Note-Takers, Concord, and Brevier Clarendon Wide Margin Bibles Compared
One of the most popular questions that I’ve gotten is to make comparisons between the LCBP Note-Takers, Cambridge Concord Wide Margin, and the RL Allan Brevier Clarendon Wide Margin KJVs. I decided to share my latest response including a few photos. The Bibles are: LCBP 2nd Edition Note-Takers in Ironed Calfskin, Cambridge Concord Wide Margin in French Morocco (with custom thumb-index), and the RL Allan Brevier Clarendon Wide Margin in Highland Goatskin.
The updated Note-Takers is the most readable. It has an 11.5-point font with about a 12.5 leading. The font is sharp and clean, is bold, and has minimal show-through. The Concord and Brevier are slightly bolder and the fonts are a little thicker, but they’re both 8-point with 9-point leading. They’re also highly legible, but I think the Note-Takers looks better in the font category (it’s hard to tell that in these photos because of the flash). The Note-Taker’s paper is not as nice as Allan’s and Cambridge’s. It’s thick and great for writing with Micron markers (I haven’t tried highlighters), but it doesn’t take color from color pencils very well. It’s also a little shiny, so if there’s a light shining on the page I have to move the Bible around to see the text better. It might have slightly more show-through than the other two but I’d say it’s negligible.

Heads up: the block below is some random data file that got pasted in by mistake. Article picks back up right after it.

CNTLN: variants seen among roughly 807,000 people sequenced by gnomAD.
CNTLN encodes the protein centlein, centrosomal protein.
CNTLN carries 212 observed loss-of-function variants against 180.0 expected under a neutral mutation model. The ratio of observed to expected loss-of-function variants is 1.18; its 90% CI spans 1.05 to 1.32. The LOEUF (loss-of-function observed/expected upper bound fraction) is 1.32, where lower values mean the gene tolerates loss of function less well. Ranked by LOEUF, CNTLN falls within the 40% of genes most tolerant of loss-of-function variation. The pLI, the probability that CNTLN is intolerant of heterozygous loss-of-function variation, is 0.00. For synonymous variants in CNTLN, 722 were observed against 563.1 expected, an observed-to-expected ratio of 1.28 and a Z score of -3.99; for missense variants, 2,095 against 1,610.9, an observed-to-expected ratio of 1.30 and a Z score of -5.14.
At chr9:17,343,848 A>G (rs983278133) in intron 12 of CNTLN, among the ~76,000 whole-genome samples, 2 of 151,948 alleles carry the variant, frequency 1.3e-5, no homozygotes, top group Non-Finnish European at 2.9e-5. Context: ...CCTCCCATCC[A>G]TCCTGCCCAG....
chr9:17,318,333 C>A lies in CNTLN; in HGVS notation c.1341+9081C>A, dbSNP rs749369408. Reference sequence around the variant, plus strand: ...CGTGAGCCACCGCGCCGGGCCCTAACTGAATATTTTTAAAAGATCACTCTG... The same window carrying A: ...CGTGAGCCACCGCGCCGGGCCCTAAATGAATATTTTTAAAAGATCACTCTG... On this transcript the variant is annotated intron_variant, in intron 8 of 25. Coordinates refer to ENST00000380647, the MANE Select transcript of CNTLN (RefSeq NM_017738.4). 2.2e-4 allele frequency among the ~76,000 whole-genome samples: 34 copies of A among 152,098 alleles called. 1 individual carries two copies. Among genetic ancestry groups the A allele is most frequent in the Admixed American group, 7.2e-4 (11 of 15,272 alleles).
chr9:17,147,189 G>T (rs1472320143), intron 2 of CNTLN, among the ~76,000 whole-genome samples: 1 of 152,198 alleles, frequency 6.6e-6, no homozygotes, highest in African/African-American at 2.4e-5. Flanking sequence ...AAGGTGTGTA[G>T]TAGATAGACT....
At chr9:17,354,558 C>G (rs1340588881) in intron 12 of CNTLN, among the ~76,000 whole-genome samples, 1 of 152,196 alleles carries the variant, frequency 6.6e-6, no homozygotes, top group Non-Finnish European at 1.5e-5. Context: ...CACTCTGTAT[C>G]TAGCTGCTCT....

The Cambridge and Allan both have similar paper and fonts. For me, the Concord is slightly easier to read because of the font style. They have different paper (Cambridge = ‘Bible’ paper, Allan = Writable India) but they look and feel about the same to me. They have a slight cream tint which I like a lot. They have my favorite paper in any Bible I own. The Clarendon has letters in the text to key the text to the references. It also has chapter summaries. The Concord doesn’t have the letters for the references. The references have verse numbers, so you know what verse they go to, but not what portion of the verse. This makes its text cleaner but it’s also harder to use. The Clarendon and Concord are so close that it’s hard to choose between the two. Overall I like the Concord because I like having a concordance and a glossary in my Bible.